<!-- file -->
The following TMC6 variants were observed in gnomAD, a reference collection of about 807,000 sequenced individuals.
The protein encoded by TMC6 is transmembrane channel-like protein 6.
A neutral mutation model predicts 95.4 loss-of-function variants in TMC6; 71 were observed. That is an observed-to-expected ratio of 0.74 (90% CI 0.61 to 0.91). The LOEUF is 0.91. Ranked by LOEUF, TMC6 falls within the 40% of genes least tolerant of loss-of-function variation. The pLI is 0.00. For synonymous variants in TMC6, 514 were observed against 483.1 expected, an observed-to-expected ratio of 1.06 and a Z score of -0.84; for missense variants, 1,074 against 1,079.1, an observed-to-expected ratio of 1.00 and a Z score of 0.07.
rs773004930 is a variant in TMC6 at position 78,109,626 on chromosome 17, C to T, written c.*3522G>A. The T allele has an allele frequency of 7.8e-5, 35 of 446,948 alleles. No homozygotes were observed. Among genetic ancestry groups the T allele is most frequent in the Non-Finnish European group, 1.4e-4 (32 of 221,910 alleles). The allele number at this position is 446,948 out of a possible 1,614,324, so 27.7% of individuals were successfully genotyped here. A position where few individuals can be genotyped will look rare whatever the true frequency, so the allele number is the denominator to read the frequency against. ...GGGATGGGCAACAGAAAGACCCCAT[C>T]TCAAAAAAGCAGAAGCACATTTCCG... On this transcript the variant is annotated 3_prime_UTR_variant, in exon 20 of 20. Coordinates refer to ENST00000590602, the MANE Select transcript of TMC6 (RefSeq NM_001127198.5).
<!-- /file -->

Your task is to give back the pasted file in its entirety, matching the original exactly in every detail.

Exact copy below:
The following TMC6 variants were observed in gnomAD, a reference collection of about 807,000 sequenced individuals.
The protein encoded by TMC6 is transmembrane channel-like protein 6.
A neutral mutation model predicts 95.4 loss-of-function variants in TMC6; 71 were observed. That is an observed-to-expected ratio of 0.74 (90% CI 0.61 to 0.91). The LOEUF is 0.91. Ranked by LOEUF, TMC6 falls within the 40% of genes least tolerant of loss-of-function variation. The pLI is 0.00. For synonymous variants in TMC6, 514 were observed against 483.1 expected, an observed-to-expected ratio of 1.06 and a Z score of -0.84; for missense variants, 1,074 against 1,079.1, an observed-to-expected ratio of 1.00 and a Z score of 0.07.
rs773004930 is a variant in TMC6 at position 78,109,626 on chromosome 17, C to T, written c.*3522G>A. The T allele has an allele frequency of 7.8e-5, 35 of 446,948 alleles. No homozygotes were observed. Among genetic ancestry groups the T allele is most frequent in the Non-Finnish European group, 1.4e-4 (32 of 221,910 alleles). The allele number at this position is 446,948 out of a possible 1,614,324, so 27.7% of individuals were successfully genotyped here. A position where few individuals can be genotyped will look rare whatever the true frequency, so the allele number is the denominator to read the frequency against. ...GGGATGGGCAACAGAAAGACCCCAT[C>T]TCAAAAAAGCAGAAGCACATTTCCG... On this transcript the variant is annotated 3_prime_UTR_variant, in exon 20 of 20. Coordinates refer to ENST00000590602, the MANE Select transcript of TMC6 (RefSeq NM_001127198.5).